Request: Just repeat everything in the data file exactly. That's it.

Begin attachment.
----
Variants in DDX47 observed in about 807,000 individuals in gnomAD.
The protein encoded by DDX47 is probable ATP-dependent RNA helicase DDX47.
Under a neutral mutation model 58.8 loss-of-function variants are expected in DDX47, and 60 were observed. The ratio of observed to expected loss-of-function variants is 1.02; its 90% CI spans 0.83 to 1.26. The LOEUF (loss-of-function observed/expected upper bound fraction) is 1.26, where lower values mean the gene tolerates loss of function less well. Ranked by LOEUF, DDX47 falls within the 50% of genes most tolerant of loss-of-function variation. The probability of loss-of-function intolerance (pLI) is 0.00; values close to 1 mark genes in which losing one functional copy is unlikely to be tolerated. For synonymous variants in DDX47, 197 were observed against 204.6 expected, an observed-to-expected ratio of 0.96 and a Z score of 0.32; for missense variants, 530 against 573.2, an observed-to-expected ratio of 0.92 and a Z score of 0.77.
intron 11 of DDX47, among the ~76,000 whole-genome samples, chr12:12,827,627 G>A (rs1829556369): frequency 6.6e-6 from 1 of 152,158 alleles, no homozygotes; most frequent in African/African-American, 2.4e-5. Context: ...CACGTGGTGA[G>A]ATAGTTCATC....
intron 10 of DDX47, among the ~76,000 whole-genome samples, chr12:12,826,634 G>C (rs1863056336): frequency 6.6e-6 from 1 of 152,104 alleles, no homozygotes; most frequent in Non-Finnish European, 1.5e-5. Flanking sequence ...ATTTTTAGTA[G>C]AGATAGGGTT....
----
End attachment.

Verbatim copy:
Variants in DDX47 observed in about 807,000 individuals in gnomAD.
The protein encoded by DDX47 is probable ATP-dependent RNA helicase DDX47.
Under a neutral mutation model 58.8 loss-of-function variants are expected in DDX47, and 60 were observed. The ratio of observed to expected loss-of-function variants is 1.02; its 90% CI spans 0.83 to 1.26. The LOEUF (loss-of-function observed/expected upper bound fraction) is 1.26, where lower values mean the gene tolerates loss of function less well. Ranked by LOEUF, DDX47 falls within the 50% of genes most tolerant of loss-of-function variation. The probability of loss-of-function intolerance (pLI) is 0.00; values close to 1 mark genes in which losing one functional copy is unlikely to be tolerated. For synonymous variants in DDX47, 197 were observed against 204.6 expected, an observed-to-expected ratio of 0.96 and a Z score of 0.32; for missense variants, 530 against 573.2, an observed-to-expected ratio of 0.92 and a Z score of 0.77.
intron 11 of DDX47, among the ~76,000 whole-genome samples, chr12:12,827,627 G>A (rs1829556369): frequency 6.6e-6 from 1 of 152,158 alleles, no homozygotes; most frequent in African/African-American, 2.4e-5. Context: ...CACGTGGTGA[G>A]ATAGTTCATC....
intron 10 of DDX47, among the ~76,000 whole-genome samples, chr12:12,826,634 G>C (rs1863056336): frequency 6.6e-6 from 1 of 152,104 alleles, no homozygotes; most frequent in Non-Finnish European, 1.5e-5. Flanking sequence ...ATTTTTAGTA[G>C]AGATAGGGTT....